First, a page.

Hopefully you will never have to fire someone for a Facebook post, but having a clear policy that is consistently enforced will help you deal with these issues and avoid wrongful termination lawsuits.


Recognition can be a Double Edged Sword

Posted by: Mary Gorski Posted Date: 10/22/2009

The Nobel Peace Prize being awarded to Barack Obama has certainly stirred some controversy.  Reactions range from embarrassment and anger to elation, depending on what your ideology is.   Personally, I always viewed the award as more of a symbolic gesture (with one million in cash), but I was still surprised.  I guess I thought that something tangible needed to be accomplished to win the Nobel Prize. Reaction from previous winners was mixed; some thought it devalued the award when no clear accomplishment could be identified.  Al Gore and Jimmy Carter (previous winners) praised the choice.  Most people agreed that Barack Obama seemed uncomfortable with receiving the award.

Recognitions and awards can be two edged swords.  While the intension of the giver may be to inspire and motivate, the actual results can be bitterness and divisiveness.  This is especially true at the work place.  While there is probably nothing similar to a Nobel Peace Prize at your workplace, not a day goes by where recognition (given or not given) is not affecting your employee performance. Undeserved recognition is as bad as no recognition at all.  The biggest mistake a company can make is to put in a performance appraisal system that is inconsistent or unfair.  While no employer intentionally creates an unfair system, many times a poor system is put in place.   What are some of the common elements of a poor performance system?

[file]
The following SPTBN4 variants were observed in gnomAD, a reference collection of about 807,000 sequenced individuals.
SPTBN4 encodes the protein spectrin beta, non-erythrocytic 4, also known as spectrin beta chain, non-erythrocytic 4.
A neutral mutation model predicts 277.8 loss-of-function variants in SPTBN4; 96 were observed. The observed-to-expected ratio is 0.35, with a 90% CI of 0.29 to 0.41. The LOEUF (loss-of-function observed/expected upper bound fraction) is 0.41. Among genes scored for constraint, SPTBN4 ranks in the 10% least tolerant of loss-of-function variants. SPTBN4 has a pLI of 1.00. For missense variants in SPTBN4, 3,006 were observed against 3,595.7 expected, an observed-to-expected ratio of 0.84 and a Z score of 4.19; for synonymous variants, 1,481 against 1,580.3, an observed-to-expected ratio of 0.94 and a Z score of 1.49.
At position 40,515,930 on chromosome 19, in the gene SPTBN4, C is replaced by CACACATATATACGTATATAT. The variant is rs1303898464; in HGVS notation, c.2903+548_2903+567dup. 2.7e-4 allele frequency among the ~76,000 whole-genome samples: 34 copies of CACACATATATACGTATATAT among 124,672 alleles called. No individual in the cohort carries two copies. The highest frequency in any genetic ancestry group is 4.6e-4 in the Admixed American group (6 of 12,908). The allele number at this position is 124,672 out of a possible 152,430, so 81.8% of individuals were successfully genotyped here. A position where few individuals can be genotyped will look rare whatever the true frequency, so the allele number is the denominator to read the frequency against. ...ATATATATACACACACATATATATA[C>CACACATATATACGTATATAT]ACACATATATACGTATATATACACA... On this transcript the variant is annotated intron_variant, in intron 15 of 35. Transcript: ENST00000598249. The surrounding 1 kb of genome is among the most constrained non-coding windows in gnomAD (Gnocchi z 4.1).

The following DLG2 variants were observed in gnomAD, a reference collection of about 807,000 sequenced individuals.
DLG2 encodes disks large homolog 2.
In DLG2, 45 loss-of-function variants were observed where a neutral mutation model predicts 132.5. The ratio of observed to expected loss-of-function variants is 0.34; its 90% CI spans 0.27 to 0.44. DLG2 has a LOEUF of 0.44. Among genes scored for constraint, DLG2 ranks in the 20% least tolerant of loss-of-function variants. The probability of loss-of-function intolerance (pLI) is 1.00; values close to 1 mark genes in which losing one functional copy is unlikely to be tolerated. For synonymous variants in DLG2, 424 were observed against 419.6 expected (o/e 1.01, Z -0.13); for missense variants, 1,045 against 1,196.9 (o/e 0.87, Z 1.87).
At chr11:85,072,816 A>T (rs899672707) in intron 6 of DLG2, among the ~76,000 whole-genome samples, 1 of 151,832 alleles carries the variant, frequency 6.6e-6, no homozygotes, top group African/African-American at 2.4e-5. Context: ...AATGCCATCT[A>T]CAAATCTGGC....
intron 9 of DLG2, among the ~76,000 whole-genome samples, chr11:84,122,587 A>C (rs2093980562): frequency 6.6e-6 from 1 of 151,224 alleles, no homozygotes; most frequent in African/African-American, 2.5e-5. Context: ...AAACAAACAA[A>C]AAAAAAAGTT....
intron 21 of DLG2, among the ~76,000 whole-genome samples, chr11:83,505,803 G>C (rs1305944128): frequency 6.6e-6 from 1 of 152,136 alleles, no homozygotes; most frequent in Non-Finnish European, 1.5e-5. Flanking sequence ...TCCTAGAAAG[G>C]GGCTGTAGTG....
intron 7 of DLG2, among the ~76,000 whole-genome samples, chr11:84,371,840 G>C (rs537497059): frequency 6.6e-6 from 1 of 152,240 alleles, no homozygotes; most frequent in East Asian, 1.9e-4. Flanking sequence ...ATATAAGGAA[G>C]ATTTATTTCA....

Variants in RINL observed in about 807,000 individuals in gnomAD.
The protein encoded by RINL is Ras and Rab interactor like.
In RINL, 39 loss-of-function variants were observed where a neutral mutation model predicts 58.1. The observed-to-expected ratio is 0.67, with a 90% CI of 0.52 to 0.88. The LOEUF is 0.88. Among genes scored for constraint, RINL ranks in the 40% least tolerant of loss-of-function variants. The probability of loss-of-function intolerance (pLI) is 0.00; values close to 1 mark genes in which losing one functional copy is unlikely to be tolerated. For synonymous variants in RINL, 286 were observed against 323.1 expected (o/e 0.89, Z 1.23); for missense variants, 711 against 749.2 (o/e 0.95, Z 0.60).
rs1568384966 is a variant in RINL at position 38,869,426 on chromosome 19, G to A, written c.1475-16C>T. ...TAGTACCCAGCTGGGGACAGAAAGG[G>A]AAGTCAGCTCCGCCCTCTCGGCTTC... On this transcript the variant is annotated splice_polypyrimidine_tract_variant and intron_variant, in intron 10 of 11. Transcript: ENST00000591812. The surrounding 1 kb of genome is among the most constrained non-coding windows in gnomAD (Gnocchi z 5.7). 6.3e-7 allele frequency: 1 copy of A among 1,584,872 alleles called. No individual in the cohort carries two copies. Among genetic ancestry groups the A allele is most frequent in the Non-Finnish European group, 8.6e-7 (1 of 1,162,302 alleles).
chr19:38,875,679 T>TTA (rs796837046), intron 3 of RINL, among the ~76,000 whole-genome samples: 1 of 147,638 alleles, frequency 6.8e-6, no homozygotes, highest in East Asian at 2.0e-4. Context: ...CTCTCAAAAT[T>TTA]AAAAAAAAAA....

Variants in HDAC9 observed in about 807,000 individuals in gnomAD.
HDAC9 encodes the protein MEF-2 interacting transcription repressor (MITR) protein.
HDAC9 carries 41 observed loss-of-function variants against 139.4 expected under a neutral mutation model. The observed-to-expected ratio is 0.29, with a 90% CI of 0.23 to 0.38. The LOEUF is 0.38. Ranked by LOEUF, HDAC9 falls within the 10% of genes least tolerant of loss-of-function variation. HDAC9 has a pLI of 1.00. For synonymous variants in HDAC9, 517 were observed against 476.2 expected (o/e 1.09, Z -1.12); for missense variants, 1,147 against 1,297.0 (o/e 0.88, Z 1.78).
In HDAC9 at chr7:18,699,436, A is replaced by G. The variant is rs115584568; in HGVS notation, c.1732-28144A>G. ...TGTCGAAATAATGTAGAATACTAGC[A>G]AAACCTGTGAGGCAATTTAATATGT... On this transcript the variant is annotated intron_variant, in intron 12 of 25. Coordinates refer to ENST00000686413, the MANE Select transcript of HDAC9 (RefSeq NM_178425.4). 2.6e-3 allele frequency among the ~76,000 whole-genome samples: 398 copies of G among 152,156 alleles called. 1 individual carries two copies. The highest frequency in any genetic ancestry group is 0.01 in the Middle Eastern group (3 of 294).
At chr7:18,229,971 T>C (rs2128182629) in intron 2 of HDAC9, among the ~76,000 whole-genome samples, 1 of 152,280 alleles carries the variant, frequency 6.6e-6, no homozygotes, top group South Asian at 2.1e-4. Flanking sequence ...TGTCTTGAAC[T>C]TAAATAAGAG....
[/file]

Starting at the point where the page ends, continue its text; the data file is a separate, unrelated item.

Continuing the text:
• Subjective criteria.
  • Inconsistent evaluation periods
  • Inconsistently applied throughout organization
  • Lack of management follow up

Having a poor performance appraisal system can reduce productivity.  On the other hand, having a comprehensive, well thought out system with management follow through can improve productivity and accelerate leadership development.  Setting up a good system takes time and should involve an experienced knowledgeable resource. 

Let us know if we can help you set up and administer a performance management system.

Employee Engagement during a Recession